A lab-on-a-chip device can now be made at home on a piece of paper. All it takes is the right paper, ink, and sunlight to create a microfluidic device that can not only test water quality but also identify deceases.
George Whitesides and his colleagues at Harvard developed this new method to help developing countries access the latest lab techniques.
They have found that paper naturally contains pores that can be used to carry liquids just like in standard chips.
In order to make “walls” leak-proof and confine the fluids into narrow channels, the researchers used so called photoresist, a polymer liquid that hardens if subjected to UV radiation.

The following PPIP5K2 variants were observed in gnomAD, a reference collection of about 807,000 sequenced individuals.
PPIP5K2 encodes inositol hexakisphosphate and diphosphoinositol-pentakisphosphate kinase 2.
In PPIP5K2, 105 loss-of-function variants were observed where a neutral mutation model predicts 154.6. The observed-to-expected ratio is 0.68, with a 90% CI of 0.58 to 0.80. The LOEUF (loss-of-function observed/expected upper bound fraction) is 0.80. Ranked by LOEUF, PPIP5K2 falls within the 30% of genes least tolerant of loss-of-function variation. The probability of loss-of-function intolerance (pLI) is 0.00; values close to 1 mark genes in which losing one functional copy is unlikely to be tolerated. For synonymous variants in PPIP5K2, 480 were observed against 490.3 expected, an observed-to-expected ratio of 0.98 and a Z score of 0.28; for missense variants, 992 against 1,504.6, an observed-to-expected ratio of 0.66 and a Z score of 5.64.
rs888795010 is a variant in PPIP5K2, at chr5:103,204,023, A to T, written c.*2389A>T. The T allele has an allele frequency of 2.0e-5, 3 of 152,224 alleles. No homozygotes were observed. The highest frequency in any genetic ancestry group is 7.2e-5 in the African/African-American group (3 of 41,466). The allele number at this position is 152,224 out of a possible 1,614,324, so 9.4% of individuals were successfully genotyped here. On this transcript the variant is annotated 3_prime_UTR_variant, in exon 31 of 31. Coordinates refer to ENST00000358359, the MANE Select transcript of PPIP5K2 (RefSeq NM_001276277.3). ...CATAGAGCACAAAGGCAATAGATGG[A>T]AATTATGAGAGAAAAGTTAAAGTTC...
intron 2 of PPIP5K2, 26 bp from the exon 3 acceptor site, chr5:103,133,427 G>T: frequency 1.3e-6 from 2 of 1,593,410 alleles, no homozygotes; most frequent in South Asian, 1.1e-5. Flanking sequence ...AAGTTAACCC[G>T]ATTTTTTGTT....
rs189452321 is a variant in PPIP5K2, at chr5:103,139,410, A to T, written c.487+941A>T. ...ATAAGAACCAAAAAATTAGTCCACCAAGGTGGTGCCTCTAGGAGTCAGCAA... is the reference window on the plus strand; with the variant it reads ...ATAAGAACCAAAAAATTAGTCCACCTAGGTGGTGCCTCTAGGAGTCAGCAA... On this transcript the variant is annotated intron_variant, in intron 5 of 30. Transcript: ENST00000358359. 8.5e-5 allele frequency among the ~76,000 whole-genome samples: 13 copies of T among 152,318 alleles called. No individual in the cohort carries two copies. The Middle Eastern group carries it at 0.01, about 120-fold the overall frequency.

To make a paper chip, the researchers saturated a piece of regular printer paper with photoresist.
Next, they covered one side of the paper with transparency, and then used a pen to draw the desired pattern of channels on top.
The saturated with photoresist paper hardens under UV light except for the area that was masked beneath the inked-on pattern.
Once the paper dried, the researchers got a leak-proof sheet with a tiny network of embedded permeable channels within. In other words, they got a microfluidic device.
While drawing onto the transparency by hand is not very precise, but Whitesides claimed that the designs could simply be printed onto the transparency using an inkjet printer.